Homeless Peoples' Description of Civil and Uncivil Healthcare Interactions
Jenkins, Sheryl D.
Woith, Wendy M.
Astroth, Kim Schafer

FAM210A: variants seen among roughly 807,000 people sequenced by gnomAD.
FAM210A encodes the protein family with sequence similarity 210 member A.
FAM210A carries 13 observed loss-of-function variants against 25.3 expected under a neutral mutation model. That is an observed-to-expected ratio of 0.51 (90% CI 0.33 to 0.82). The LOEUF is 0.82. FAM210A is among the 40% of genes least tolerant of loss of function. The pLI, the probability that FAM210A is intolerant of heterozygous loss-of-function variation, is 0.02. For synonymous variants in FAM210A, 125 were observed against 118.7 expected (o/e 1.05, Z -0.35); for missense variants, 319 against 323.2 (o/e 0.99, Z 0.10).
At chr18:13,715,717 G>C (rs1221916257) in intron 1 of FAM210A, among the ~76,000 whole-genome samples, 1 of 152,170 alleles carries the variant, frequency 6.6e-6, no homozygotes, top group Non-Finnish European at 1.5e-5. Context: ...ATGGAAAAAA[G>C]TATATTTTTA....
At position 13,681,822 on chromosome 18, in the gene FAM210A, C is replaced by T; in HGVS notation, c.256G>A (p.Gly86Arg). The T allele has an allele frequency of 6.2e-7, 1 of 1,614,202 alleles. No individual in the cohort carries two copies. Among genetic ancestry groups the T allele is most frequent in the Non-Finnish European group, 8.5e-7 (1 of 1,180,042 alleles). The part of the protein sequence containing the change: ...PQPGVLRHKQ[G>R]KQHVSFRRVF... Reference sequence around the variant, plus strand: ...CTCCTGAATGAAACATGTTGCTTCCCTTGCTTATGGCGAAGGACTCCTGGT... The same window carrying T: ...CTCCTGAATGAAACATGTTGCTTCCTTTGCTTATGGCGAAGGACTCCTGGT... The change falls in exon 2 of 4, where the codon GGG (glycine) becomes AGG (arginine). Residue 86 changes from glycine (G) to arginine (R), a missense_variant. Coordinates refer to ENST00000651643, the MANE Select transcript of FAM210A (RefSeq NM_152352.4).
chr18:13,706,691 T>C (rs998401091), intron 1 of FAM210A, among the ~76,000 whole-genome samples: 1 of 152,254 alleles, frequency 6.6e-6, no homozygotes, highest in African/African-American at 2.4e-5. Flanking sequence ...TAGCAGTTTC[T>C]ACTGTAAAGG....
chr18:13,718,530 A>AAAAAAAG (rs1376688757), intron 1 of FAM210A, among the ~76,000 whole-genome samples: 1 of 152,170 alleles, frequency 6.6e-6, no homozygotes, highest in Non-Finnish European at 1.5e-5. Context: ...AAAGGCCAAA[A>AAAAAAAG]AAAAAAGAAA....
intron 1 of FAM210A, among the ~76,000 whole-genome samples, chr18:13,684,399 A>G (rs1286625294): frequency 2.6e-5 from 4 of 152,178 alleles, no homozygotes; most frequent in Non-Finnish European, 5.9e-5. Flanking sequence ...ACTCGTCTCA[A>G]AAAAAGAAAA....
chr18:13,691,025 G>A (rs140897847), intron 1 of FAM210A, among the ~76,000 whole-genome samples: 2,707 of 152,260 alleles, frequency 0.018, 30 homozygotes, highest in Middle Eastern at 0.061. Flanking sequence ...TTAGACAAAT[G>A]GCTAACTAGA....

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Session presented on Saturday, July 25, 2015: Purpose: The purpose of this on-going study is to explore homeless people's perceptions of their interactions with nurses and gain an understanding of the impact of civility and incivility on their health outcomes. Civility is a crucial element in therapeutic communication and healthy patient relationships; conversely, incivility can negatively influence healthcare environments and patient care (American Association of Colleges of Nursing, 2008; The Joint Commission, 2008). The Joint Commission (2008) has recommended implementation of strategies to manage incivility in health care. Civility, which involves mutual respect, faiRNs, caring, and relationship building, is foundational to nursing practice (AACN, 2008; Jenkins, Kerber, & Woith, 2013); therefore, it is prudent for nurse leaders to devise strategies for identifying, intervening and preventing episodes of incivility among nurses. Vulnerable populations, especially homeless people, may be particularly at risk for experiencing uncivil behavior from nurses (Irestig, Burstrom, Wessel, & Lynoe, 2010). Homelessness is a significant problem around the world (Daiski, 2007; Irestig et al., 2010). In the United States it is estimated that 650,000 people experience homelessness on any given day (U. S. Department of Housing and Urban Development, 2010) and as many as three million Americans have been classified as homeless (Haley & Woodward, 2007). For the purposes of this study, we used Nickasch and MaRNha's (2009) definition of homelessness: homeless people are those who do not currently have a consistent, adequate residence in which to spend the night. This includes those who reside temporarily in homeless shelters and those who spend the night in places that do not provide adequate shelter, or are not intended for human habitation, such as parks or abandoned buildings. Homeless people experience a much lower quality of health than people in the general population (Daiski, 2007; Lebrun-Harris et al., 2013; Nickasch & MaRNha, 2009; Seiler & Moss, 2012). They have a greater likelihood of suffering from untreated health problems complicated by anxiety, mental illness, and substance abuse (Irestig, 2010; Lebrun-Harris et al., 2013; Seiler & Moss, 2012); their health is apt to be further compromised by inadequate nutrition, lack of privacy, threat of violence, and the physical toll of living outdoors (Daiski, 2007; Lebrun-Harris et al., 2013; Seiler & Moss, 2012). The homeless do not receive adequate healthcare (Lebrun-Harris et al., 2013; Nickasch & MaRNha, 2009); they often spend a majority of their time and energy on obtaining the basic necessities of life, such as food and shelter (Nickasch & MaRNha, 2009). They seek healthcare only after these basic survival needs have been met (Cocozza Martins, 2008; Nickasch & MaRNha, 2009; Seiler & Moss, 2012). When they do seek healthcare, they experience difficulty accessing appropriate care, and are more likely to visit emergency departments than are people with homes (Lebrun-Harris et al., 2013; Seiler & Moss, 2012). Researchers have suggested that negative or indifferent attitudes toward the homeless population may affect the ability to improve their plight (Bolyston & O'Rourke, 2013; Hocking & Lawrence, 2000). Furthermore, these negative attitudes could impact the ability of nurses to provide compassionate care to this vulnerable population (Chung-Park, Hatton, Robinson, & Kleffel, 2006), leading to poor health outcomes. Leininger's (1991) Culture Care Diversity and Universality theory and Sunrise Model guide this study. Leininger's (1991) theory encourages us to view the person holistically within the context of their culture. This model was chosen because our perceptions of others are framed by our own cultural backgrounds, and in order for us to provide best care, we need to understand the needs of others through their perspectives and experiences. Methods: In this qualitative study in progress, we are recruiting a purposive sample of 15 homeless adults, drawn from homeless people who visit a drop-in ministry for the poor and homeless. Interviews will continue until data saturation is reached. A sample size of fifteen will give us maximum variation; the community from which the sample is drawn has little variability in healthcare delivery systems. Given this narrow variability, we anticipate more homogeneity in the healthcare experiences of homeless people. Moreover, our goal is not to generalize findings, but to obtain a rich description of participants' experiences. We are currently conducting face-to-face, open-ended, audiotaped interviews to elicit descriptions of their experiences while seeking and receiving healthcare. Inclusion criteria are aged18 or older, homeless as defined by Nickasch and MaRNha (2009), English speakers, and cognitively intact. Interviews take place in the drop-in ministry. At the completion of interview sessions, tapes are transcribed verbatim, and transcriptions and field notes are analyzed for emerging themes. Qualitative data are analyzed through concept analysis identification of themes. Results: At this writing, we have interviewed eight of our targeted fifteen participants. They range in age from 18 to 53 years and have been homeless from four months to 27 years. Several themes are emerging as we conduct interviews. Participants described their interactions with nurses as generally civil, however all participants at this writing have also experienced uncivil behavior from nurses; they described these interactions as being very upsetting. Participants have reported nurses rolling their eyes at them, complaining about them to co-workers, telling them to get a job, and chastising them for not doing anything with their lives. They said they wait longer to receive care than people who can pay for services. They suspected that some nurses judged them for being homeless and did not see them as individuals. Most participants said they sought care primarily in emergency departments, but some also frequented free clinics and private practices. Most participants selected healthcare facilities based on how well they had been treated in the past. They described good care as being treated with kindness and respect. They wanted nurses to show interest in them and provide individualized care. Conclusions: We will use our findings to develop an education intervention to improve undergraduate nursing students' knowledge of homelessness from the perspective of those who live it. We hope to enhance student nurses' understanding of the importance of civility in their interactions with homeless people.